YPT-NYC Elections and THIS Sunday’s Central Park Meet-Up


YPT elections are live until October 30th at 11:59PM EDT and we have many candidates running for the 10 open positions on our board! 

To participate in the election, you must be an active member. Check your membership status here, or join here. Being an active member is $20 for the year and allows us to organize events.

You should have received voting instructions from our voting host server, Simply Voting, where our ballot and candidate statements are available. If you haven’t or if you’re having problems, please e-mail the YPT International Deputy Chair at

YPT uses a ranked voting process. We use this method so that:  

1. Candidates can run for multiple positions, and if someone wins two positions, they will choose which position they want. The votes they received will be reallocated to the voters’ second choices.

2. In the event of a tie, we will not need to have a separate run-off vote. The votes from the candidate receiving the lowest total will be reallocated to each voter’s second choice candidate.  

The results will be made available to the YPT membership in early November. The new Board term for all winning candidates will begin on January 1, 2020. Please take the time to learn about the candidates and vote!


Want to ride bikes? With us? Meet up at the corner of 72nd Street and Central Park West and join us for a ~6 mile bike ride around Central Park. No cars!

There is an adjacent CitiBike station (please check for availability before the event). We have a limited number of free CitiBike guest passes for the first few members who meet us. Please remember to bring a mask and wear it if you cannot maintain at least 6 feet of distance from others.

RSVP below so we can contact you with any updates. 

Sunday, 10/25 @ 1PM EDT

The current forecast below for your convenience.


Casey Barrett, EIT, ENV SP
Civil Associate II in Michael Baker’s Civil-Highway Department

I earned my BS in Civil and Environmental Engineering from Manhattan College in 2015. I went on to work for Michael Baker in their Civil-Highway department, where I worked on a variety of projects from streetscape improvements to bridge replacements. My project tasks include Maintenance and Protection of Traffic designs, and Traffic Control and staging plans, which is how traffic patterns are maintained during construction. In addition to being an active YPT member, I’m also involved with Women in Transportation Seminar (WTS) and I’m co-chair of the college outreach committee. In my spare time I enjoy gardening, hiking, doing puzzle, and baking/cooking.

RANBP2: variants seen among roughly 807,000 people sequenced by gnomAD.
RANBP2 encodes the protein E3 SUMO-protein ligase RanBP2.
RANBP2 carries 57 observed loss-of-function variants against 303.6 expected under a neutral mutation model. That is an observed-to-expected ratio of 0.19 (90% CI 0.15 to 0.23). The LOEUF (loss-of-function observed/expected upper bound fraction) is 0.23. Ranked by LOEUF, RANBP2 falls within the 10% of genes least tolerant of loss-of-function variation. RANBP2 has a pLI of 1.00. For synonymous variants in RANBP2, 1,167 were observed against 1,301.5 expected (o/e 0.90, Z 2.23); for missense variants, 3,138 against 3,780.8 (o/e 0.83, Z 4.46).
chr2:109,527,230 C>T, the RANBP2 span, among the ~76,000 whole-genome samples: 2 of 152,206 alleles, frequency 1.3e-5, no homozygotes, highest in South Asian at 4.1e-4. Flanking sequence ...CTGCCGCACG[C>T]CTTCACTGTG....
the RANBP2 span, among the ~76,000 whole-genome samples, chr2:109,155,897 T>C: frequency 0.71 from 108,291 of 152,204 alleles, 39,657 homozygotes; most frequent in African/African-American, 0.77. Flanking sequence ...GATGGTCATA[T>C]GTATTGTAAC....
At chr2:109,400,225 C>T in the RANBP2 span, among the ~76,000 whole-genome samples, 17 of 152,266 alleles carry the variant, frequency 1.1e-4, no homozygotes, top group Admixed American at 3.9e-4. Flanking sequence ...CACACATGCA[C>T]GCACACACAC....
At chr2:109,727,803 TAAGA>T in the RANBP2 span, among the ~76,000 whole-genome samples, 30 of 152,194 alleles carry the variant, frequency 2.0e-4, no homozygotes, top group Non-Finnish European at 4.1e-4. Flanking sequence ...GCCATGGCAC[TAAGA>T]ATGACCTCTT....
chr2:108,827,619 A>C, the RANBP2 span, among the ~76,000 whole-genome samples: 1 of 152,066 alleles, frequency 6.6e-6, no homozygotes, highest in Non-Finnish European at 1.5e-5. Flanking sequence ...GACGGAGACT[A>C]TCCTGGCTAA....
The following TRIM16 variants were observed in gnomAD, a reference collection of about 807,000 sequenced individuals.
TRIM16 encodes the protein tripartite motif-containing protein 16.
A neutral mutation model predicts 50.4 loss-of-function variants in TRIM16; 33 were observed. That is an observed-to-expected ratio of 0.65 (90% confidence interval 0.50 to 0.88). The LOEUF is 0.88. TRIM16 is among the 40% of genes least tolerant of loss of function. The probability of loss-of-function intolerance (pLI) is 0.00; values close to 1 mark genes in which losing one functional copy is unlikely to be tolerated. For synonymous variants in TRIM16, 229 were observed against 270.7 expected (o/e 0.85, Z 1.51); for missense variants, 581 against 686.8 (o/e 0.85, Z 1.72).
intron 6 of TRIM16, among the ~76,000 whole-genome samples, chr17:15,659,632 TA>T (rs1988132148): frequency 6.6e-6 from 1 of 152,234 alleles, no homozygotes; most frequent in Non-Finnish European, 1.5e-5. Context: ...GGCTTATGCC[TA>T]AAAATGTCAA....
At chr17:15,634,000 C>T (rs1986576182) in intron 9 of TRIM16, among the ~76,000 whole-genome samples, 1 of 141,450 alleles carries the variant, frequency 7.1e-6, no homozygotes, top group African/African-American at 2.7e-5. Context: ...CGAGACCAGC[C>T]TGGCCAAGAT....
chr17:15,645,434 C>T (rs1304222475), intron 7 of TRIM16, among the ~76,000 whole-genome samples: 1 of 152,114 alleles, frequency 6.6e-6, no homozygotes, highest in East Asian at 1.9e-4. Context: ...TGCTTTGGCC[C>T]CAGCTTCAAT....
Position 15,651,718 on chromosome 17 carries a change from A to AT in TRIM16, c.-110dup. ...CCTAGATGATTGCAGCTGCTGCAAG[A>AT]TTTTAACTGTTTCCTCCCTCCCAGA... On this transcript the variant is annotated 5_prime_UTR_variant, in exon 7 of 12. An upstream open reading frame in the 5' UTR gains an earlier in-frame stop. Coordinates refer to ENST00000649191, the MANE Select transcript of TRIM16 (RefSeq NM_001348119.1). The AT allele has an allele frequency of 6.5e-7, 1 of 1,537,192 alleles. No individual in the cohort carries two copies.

What do you most enjoy about YPT? 

I’ve really enjoyed the virtual tour series, specifically the old NYC subway lines aerial imagery tour by Rayn Riel. I find it fascinating to see how New York’s mobility has changed (or has not changed) over time. I joined YPT in February 2020 and was looking forward to all the upcoming events. I have enjoyed the topics about NYC’s infrastructure and the networking opportunities YPT has hosted while in quarantine, as a response to the COVID-19 pandemic.

What’s your preferred transport mode and why?

At the moment, my preferred mode of transport is walking. I’m still working from home, so I take walks around my neighborhood in order to get some fresh air. I take a different route so I’m constantly seeing something new every day.

What is the biggest transit-related problem that you’d like to help solve?

Carbon-Neutral Transportation. The transportation sector generates the largest portion of greenhouse gas (GHG) emissions. The solution to get to a carbon- neutral transportation sector is multifaceted issue, but I will only touch on a couple topics here. In order to cut carbon, we need to get people to drive less. That means getting people out of their personal vehicles and on to mass transit. This would require a reliable multi-modal mass transit system serving all communities. The mass transit fleet would need to be fueled by clean, renewable energy sources. Best management practices in sustainable transit will require research and development, and knowledge sharing across the industry. Another factor to consider in achieving carbon neutral transportation is the physical infrastructure: highways, roads, bridges, airports, etc. Our nation’s infrastructure is built out of concrete which contributes to 8% of global carbon emissions. Therefore, future infrastructure improvement projects will need to be sourced from sustainable resources with a low carbon output. 

For the full profile, visit our website!


Thank you Dr. Adonia Lugo for your time discussing your book, Bicycle/Race: Transportation, Culture, and Resistance!

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